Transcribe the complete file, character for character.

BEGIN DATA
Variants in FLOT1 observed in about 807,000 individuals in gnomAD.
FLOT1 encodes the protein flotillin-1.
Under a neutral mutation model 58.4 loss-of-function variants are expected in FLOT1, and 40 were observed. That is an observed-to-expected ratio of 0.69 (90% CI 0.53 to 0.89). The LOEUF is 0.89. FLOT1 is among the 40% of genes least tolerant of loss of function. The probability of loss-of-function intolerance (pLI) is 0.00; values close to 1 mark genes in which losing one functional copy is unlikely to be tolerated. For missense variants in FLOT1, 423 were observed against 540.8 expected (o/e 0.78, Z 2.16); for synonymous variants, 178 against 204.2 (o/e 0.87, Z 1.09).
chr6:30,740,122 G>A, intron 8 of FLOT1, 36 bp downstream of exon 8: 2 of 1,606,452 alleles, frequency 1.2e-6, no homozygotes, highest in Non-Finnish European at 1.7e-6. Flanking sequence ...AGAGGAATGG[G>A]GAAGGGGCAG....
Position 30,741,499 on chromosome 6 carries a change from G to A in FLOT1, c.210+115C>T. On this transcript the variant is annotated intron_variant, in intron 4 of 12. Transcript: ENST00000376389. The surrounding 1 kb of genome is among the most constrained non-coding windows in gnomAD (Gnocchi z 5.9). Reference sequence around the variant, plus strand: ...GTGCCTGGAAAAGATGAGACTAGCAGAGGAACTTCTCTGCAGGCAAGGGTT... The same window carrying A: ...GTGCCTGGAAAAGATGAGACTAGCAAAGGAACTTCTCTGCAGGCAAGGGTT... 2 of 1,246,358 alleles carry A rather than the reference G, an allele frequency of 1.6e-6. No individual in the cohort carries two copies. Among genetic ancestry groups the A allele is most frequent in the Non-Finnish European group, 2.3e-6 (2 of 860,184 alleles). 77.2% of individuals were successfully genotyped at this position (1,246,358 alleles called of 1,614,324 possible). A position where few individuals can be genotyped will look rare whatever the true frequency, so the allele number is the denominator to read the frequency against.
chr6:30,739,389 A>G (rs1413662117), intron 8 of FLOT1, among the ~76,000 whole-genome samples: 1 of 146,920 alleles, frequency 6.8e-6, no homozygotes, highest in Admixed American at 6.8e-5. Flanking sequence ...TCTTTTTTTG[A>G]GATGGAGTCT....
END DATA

Variants in FLOT1 observed in about 807,000 individuals in gnomAD.
FLOT1 encodes the protein flotillin-1.
Under a neutral mutation model 58.4 loss-of-function variants are expected in FLOT1, and 40 were observed. That is an observed-to-expected ratio of 0.69 (90% CI 0.53 to 0.89). The LOEUF is 0.89. FLOT1 is among the 40% of genes least tolerant of loss of function. The probability of loss-of-function intolerance (pLI) is 0.00; values close to 1 mark genes in which losing one functional copy is unlikely to be tolerated. For missense variants in FLOT1, 423 were observed against 540.8 expected (o/e 0.78, Z 2.16); for synonymous variants, 178 against 204.2 (o/e 0.87, Z 1.09).
chr6:30,740,122 G>A, intron 8 of FLOT1, 36 bp downstream of exon 8: 2 of 1,606,452 alleles, frequency 1.2e-6, no homozygotes, highest in Non-Finnish European at 1.7e-6. Flanking sequence ...AGAGGAATGG[G>A]GAAGGGGCAG....
Position 30,741,499 on chromosome 6 carries a change from G to A in FLOT1, c.210+115C>T. On this transcript the variant is annotated intron_variant, in intron 4 of 12. Transcript: ENST00000376389. The surrounding 1 kb of genome is among the most constrained non-coding windows in gnomAD (Gnocchi z 5.9). Reference sequence around the variant, plus strand: ...GTGCCTGGAAAAGATGAGACTAGCAGAGGAACTTCTCTGCAGGCAAGGGTT... The same window carrying A: ...GTGCCTGGAAAAGATGAGACTAGCAAAGGAACTTCTCTGCAGGCAAGGGTT... 2 of 1,246,358 alleles carry A rather than the reference G, an allele frequency of 1.6e-6. No individual in the cohort carries two copies. Among genetic ancestry groups the A allele is most frequent in the Non-Finnish European group, 2.3e-6 (2 of 860,184 alleles). 77.2% of individuals were successfully genotyped at this position (1,246,358 alleles called of 1,614,324 possible). A position where few individuals can be genotyped will look rare whatever the true frequency, so the allele number is the denominator to read the frequency against.
chr6:30,739,389 A>G (rs1413662117), intron 8 of FLOT1, among the ~76,000 whole-genome samples: 1 of 146,920 alleles, frequency 6.8e-6, no homozygotes, highest in Admixed American at 6.8e-5. Flanking sequence ...TCTTTTTTTG[A>G]GATGGAGTCT....